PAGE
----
1. The suit out of which this appeal arises was brought by the reversionary heir of one Govinda Giri on the death of his widow Kausalya in the year 1916 for a declaration that the defendant No. 1 had acquired no title by his purchase at, the sale in execution of a mortgage-decree against the widow.
2. The facts shortly stated are these. One Govinda Giri died in the year of 1868 sonless leaving a widow Kausalya; she lived with Govinda's cousin Tulsaram who was her next reversioner, in her husband's house but Tulsaram drove her away from her house in the year 1891, She brought a suit against Khirode grandson of Tulsa ram and recovered a decree for the share of the land which was left by her husband, and it appears that in that suit she was assisted by the present plaintiff and his brothers who were the sister's sons of Govinda.
3. In execution of a decree for mesne profits, against Khirode she purchased Khirode's half share in 1896, and was since then in possession of the entire property consisting of 20 bighas 2 cottahs and 13 chittaks of land. But she was again disturbed in her possession by the present plaintiff and his brothers and was dispossessed of 7 bighas out of 10 bighas of lands which were left to her after she had sold other lands. Then she brought a suit for possession of those 7 bighas against the present plaintiff and his brothers in 1908 and obtained a decree for possession on the 8th December of that year.
4. Now it appears, that Kausalya mortgaged the lands in suit for Rs. 500 in favour of the defendant No. 1 in the benami of one Harnarain on the 25th Sraban 1314 B.S., and then a second bond was executed by her in favour of Taraprosad defendant No. 1 for Rs. 795 on the 13th Magh 1315 B.S. and out of the money so borrowed the money due under the first bond was paid. Taraprosad obtained a mortgage-decree on compromise against Kausalya in Angust 1909 and the mortgaged properties were sold in execution of the mortgage-decree. This is the sale which the plaintiff challenges in this suit as not binding on him.
5. On the death of Kausalya Madhu Sudan Giri the only surviving son of Govind's sister brought this suit as the reversionary, heir of Govinda Giri for recovery of possession of the lands sole in execution of the mortgage-decree on the allegation that the defendants Nos. 1 and 2 had kept him out of possession of the lands without any right.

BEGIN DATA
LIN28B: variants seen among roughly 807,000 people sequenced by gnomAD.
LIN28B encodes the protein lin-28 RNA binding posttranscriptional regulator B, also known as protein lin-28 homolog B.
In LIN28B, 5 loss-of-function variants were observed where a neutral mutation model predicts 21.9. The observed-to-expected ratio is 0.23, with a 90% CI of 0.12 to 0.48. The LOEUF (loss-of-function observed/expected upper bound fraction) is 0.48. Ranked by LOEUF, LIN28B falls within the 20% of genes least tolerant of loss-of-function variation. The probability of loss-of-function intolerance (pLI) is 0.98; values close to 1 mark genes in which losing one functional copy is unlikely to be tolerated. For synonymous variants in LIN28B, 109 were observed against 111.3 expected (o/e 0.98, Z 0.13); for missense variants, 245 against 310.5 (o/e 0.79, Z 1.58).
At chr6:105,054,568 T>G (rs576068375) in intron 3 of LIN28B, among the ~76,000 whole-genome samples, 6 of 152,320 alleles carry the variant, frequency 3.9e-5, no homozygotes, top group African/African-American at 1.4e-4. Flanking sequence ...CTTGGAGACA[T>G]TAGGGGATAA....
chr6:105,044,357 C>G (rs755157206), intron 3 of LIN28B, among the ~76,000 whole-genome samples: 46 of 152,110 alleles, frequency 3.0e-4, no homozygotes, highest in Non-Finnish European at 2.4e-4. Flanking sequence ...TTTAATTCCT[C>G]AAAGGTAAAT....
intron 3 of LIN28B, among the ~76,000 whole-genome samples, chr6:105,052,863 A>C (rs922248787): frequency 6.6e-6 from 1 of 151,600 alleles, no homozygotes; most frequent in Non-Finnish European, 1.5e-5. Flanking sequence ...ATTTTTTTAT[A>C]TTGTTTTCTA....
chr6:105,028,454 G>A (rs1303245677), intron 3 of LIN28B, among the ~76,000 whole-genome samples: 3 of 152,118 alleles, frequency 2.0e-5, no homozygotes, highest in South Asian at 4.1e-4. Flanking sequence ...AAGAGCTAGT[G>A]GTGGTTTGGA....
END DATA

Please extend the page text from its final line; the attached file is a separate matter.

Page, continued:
6. The defendant No. 1 contested the suit and his main defence was that the mortgages in his favour were executed by Kausalya for legal necessity and therefore, the sale thereunder binds the plaintiff, the reversionary heir, and he further contended that half share of the properties which Kansalya purchased in execution of her decree against Khirode was her stridhan property, to which the reversioner had no claim as it was sold in execution of a decree against Kausalya.
7. The Court of first instance found that there was legal necessity for a portion of the money advanced by the defendant No. 1 but decreed the suit holding that the defendant No. 1 was like a mortgagee in possession and as he had rendered no account of the rents and profits he could claim no right to retain possession against the plaintiff.
8. On appeal by the defendant No. 1 the Additional District Judge affirmed the decree of the Munsif and dismissed the appeal although he found that the amount for which legal necessity was established was larger than the amount found by the learned Munsif. The defendant No. 1 has preferred this second appeal against the decree of the Additional District Judge.
9. Before I deal with the main question as to whether the learned Additional District Judge he s properly applied the principle which applies to a case of legal necessity for alienation by a Hindu widow I shall refer to some of the salient facts which have been found by the Court below.
10. Kausalya inherited about 10bighas of land left by her husband and led a peaceful life till she was dispossessed by Tulsaram, in the year. 1891. She was then plunged in litigation on account of dispossession, by her then reversionary heir and it was in 1894 that she recovered a decree for possession and she was again dispossessed by the present plaintiff at about that time. The learned Munsif to quote his own words found that 'Kausalya Bewa got possession of a half share after April 1894, and of the remaining half share after 1896. She was, however, not allowed by her Husband's nephew to be in peaceful possession of the entire land for any long time, She was dispossessed from 7 bighas out of the 10 bighas that was left to her.'